• I completely agree with you. I am 24 and I did shop my money away for years. I am more focused now and working towards being as close to debt free as possible by the end of next year. Plus I am spending money on what is much more important to me. Traveling!

      I also found a parttime job for $22/hour. Not much but enough to start slowly getting ahead. I would only work weekends. I will bring in an extra $500-900/month. In the next couple of years I will have a Masters degree and I hope I will be a licensed forensic psychologist.

  4. Hey Ramit,

    I’m curious about your take on San Francisco versus New York in the rich people are evil script. Huge generalizations below, but…

    It seems to me that in SF you’re much more likely to meet people that earned money doing something productive from an economy-wide point of view, for example doing a startup somewhere in the tech space and then selling it to a larger company.

    In NYC you’re much more likely to meet young people who made money as i-bankers and the truly wealthy that either inherited their money and/or moved to NYC from somewhere else. I don’t actually think my friends that went to be i-bankers do that much for the economy (they definitely work hard, though). Because finance plays such an outsized role in NYC’s moneyed-class, and because a lot of finance is about taking a small piece of a big transaction (securitization) or trading equities, it seems sensible to me to admire the wealthy in SF and grumble about the wealthy in NYC.

    Anyway, do you detect differences in attitudes toward wealth on the coasts?
    (As a disclaimer, I appreciate the role of credit in the modern economy, and think folks on Wall Street to important work so I don’t want to diss them too hard, but if I were to estimate their importance economy-wide I would say they deserve like 5% of corporate America’s profits, not the 40% they sucked up at the peak of the bubble).

  5. To me, the funniest thing is that I see so much of our “primate status” instinct in this script. We look to our peers to determine our own place in the social hierarchy. If their lives don’t match our expectations, we come up with rationalizations–they did “evil” things to get ahead, they were just extraordinarily lucky, they had to sacrifice their core integrity/family/health to do that thing. We NEED that rationalization about others’ behavior to make us feel OK about ourselves.

  6. Scripts like these are first a way of justifying our own apparent lack of success compared to Ms. X. I might not be rich like her but that’s because I don’t (insert gross generalization about the rich here). Later, they become internalized and self-fulfilling.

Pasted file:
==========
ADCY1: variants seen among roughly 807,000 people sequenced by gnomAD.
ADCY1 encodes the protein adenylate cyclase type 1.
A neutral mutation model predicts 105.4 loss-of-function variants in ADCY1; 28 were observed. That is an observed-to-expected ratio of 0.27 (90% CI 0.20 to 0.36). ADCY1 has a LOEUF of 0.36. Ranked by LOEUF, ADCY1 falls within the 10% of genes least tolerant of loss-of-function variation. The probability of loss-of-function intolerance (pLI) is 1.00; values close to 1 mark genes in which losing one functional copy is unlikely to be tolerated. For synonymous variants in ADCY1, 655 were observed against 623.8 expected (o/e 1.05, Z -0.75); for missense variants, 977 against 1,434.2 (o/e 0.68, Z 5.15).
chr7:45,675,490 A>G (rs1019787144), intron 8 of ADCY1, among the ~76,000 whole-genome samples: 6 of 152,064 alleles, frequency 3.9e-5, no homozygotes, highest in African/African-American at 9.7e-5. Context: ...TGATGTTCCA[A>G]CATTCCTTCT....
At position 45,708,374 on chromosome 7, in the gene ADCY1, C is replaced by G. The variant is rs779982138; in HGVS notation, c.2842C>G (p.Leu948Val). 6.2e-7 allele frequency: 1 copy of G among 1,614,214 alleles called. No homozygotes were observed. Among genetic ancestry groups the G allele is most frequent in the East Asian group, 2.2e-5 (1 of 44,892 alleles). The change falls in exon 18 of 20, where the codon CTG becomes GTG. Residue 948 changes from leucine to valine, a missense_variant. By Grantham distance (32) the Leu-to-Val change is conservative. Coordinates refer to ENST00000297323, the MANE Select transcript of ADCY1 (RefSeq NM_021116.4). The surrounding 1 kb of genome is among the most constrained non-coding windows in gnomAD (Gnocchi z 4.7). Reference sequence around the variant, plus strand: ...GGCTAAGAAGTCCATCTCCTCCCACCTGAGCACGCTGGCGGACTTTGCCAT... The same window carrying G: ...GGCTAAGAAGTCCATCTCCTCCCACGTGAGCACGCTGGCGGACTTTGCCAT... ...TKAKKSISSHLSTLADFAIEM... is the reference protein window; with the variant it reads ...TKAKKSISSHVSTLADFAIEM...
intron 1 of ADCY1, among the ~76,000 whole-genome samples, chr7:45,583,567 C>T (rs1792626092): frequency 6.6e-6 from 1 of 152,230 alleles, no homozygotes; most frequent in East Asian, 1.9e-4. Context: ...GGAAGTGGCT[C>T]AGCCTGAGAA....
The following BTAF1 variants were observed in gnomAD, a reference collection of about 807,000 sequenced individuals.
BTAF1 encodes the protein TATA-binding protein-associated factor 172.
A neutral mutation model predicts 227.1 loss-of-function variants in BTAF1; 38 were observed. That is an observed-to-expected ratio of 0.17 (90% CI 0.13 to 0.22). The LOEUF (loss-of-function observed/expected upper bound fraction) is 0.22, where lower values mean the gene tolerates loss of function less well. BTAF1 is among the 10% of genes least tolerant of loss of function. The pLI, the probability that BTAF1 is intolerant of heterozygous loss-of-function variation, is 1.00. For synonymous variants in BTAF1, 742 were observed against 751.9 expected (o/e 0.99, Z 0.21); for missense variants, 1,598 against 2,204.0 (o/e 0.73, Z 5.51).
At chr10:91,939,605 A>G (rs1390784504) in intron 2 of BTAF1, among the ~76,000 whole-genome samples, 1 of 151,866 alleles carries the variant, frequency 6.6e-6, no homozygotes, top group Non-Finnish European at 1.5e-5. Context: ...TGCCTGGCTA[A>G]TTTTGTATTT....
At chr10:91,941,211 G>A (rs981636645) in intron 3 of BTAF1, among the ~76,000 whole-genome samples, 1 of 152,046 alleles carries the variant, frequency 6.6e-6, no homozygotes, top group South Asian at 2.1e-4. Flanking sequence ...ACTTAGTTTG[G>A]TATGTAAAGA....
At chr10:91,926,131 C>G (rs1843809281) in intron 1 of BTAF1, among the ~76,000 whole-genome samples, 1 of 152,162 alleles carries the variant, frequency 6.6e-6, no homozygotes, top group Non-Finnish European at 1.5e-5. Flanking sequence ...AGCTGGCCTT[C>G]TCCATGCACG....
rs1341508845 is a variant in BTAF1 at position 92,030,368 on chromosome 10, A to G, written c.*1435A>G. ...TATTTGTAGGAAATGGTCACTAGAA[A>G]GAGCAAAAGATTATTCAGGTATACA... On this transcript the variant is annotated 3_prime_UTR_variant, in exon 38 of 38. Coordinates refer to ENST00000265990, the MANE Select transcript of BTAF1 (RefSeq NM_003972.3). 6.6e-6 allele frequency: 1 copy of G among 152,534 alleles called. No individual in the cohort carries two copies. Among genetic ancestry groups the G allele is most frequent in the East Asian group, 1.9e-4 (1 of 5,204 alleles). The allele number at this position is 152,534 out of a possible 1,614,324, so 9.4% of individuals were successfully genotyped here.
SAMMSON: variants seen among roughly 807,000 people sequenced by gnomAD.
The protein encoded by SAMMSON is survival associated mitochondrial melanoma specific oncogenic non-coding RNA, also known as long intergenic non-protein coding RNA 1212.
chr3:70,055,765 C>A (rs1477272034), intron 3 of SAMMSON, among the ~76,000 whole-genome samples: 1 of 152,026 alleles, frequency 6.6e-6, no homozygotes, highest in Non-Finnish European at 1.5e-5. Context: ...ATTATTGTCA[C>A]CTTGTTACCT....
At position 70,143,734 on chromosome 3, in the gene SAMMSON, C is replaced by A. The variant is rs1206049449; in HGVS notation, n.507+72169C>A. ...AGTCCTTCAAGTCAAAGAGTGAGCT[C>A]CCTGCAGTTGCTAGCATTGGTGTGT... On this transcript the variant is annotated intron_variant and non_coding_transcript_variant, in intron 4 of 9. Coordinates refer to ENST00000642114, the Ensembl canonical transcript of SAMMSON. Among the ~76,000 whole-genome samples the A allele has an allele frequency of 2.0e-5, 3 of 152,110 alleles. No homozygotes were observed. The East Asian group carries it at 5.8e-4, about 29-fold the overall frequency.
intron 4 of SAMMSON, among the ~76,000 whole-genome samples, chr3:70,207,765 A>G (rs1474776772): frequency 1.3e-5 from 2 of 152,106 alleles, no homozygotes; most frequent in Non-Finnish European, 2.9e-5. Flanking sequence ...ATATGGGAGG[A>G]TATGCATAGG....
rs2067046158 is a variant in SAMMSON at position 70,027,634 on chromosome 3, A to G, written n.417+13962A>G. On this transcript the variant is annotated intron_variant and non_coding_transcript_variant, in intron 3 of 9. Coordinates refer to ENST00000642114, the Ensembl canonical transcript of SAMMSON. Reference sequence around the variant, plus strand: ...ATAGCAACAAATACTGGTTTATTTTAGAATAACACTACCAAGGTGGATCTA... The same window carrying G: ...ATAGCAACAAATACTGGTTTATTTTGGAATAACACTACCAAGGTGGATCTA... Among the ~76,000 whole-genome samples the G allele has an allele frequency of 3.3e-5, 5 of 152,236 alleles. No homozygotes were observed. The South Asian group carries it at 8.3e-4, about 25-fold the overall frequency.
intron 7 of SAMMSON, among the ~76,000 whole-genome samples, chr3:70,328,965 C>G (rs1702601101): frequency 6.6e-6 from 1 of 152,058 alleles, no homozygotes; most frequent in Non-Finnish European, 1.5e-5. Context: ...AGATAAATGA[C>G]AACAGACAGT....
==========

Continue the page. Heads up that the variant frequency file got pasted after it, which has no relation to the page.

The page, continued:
7. There are a multitude of reasons why some people are wealthy just as there are different reasons people are not. Circumstance is a big factor that we can’t always control, but choices make a huge impact.

    If you’re not where you want to be (financially or otherwise) what choices can you make to improve? If you want to be making six figures and you just started your career, what options do you have?

    Scripts that say the rich are rich because they’re cutthroats are just the easy way out. Focus on what you can control, your choices, and cerate a system to get you there.

  8. What an overly simplistic post. A lot of wealth is effectively evil, and hard work is not a license to enjoy it. The “effectively evil” part comes from the opportunity cost: At what point does someone’s desire for an expensive item trump a kid’s need for basic health care? These tradeoffs exist every single day. (In this case, it’s not the pursuit of lots of money that’s the problem; it’s the sitting on it and thinking that your very marginal enjoyment of the extra $10,000 or $100,000 constitutes a worthy use.)

    Alex F hit the nail on the head about hard work: It’s not clear to me that people who bust their a— working 80 hours per week for in banking, laws, entertainment, etc. are adding as much value to the world as their salaries imply. They clearly might add some, but the actual amount depends in complex ways on the nature of the work and its impact.

    Money can be a highly distorted representation of value, and its pursuit via certain modes can be a questionable use of time. Given the state of the world, it requires an unusual shortage of empathy to argue that wealth in and of itself is morally neutral.